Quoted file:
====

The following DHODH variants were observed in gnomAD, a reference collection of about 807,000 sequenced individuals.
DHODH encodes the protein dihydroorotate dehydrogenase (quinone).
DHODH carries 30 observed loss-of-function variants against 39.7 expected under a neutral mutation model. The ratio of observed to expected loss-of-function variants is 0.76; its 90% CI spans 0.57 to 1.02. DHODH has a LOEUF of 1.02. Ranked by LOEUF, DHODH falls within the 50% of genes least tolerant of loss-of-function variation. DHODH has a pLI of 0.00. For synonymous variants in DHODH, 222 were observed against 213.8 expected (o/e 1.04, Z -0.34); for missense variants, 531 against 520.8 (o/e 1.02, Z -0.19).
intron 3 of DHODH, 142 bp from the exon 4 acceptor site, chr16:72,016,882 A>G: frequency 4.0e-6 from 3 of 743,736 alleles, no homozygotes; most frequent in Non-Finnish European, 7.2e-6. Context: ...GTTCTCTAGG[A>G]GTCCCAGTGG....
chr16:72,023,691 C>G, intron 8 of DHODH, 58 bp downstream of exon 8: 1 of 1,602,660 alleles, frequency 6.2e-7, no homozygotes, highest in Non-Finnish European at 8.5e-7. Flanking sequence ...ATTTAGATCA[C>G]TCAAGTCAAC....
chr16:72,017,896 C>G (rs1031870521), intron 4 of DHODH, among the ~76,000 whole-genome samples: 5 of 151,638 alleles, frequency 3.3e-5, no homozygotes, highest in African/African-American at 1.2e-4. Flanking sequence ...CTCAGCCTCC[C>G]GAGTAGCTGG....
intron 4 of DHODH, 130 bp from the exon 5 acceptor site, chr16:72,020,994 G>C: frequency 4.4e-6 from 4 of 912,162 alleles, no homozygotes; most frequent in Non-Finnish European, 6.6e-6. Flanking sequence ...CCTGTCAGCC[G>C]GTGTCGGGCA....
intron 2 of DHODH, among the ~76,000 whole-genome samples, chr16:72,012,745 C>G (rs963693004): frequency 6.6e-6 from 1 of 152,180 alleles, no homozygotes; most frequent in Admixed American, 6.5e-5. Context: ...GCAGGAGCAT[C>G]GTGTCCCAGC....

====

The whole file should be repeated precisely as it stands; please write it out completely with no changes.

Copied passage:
The following DHODH variants were observed in gnomAD, a reference collection of about 807,000 sequenced individuals.
DHODH encodes the protein dihydroorotate dehydrogenase (quinone).
DHODH carries 30 observed loss-of-function variants against 39.7 expected under a neutral mutation model. The ratio of observed to expected loss-of-function variants is 0.76; its 90% CI spans 0.57 to 1.02. DHODH has a LOEUF of 1.02. Ranked by LOEUF, DHODH falls within the 50% of genes least tolerant of loss-of-function variation. DHODH has a pLI of 0.00. For synonymous variants in DHODH, 222 were observed against 213.8 expected (o/e 1.04, Z -0.34); for missense variants, 531 against 520.8 (o/e 1.02, Z -0.19).
intron 3 of DHODH, 142 bp from the exon 4 acceptor site, chr16:72,016,882 A>G: frequency 4.0e-6 from 3 of 743,736 alleles, no homozygotes; most frequent in Non-Finnish European, 7.2e-6. Context: ...GTTCTCTAGG[A>G]GTCCCAGTGG....
chr16:72,023,691 C>G, intron 8 of DHODH, 58 bp downstream of exon 8: 1 of 1,602,660 alleles, frequency 6.2e-7, no homozygotes, highest in Non-Finnish European at 8.5e-7. Flanking sequence ...ATTTAGATCA[C>G]TCAAGTCAAC....
chr16:72,017,896 C>G (rs1031870521), intron 4 of DHODH, among the ~76,000 whole-genome samples: 5 of 151,638 alleles, frequency 3.3e-5, no homozygotes, highest in African/African-American at 1.2e-4. Flanking sequence ...CTCAGCCTCC[C>G]GAGTAGCTGG....
intron 4 of DHODH, 130 bp from the exon 5 acceptor site, chr16:72,020,994 G>C: frequency 4.4e-6 from 4 of 912,162 alleles, no homozygotes; most frequent in Non-Finnish European, 6.6e-6. Flanking sequence ...CCTGTCAGCC[G>C]GTGTCGGGCA....
intron 2 of DHODH, among the ~76,000 whole-genome samples, chr16:72,012,745 C>G (rs963693004): frequency 6.6e-6 from 1 of 152,180 alleles, no homozygotes; most frequent in Admixed American, 6.5e-5. Context: ...GCAGGAGCAT[C>G]GTGTCCCAGC....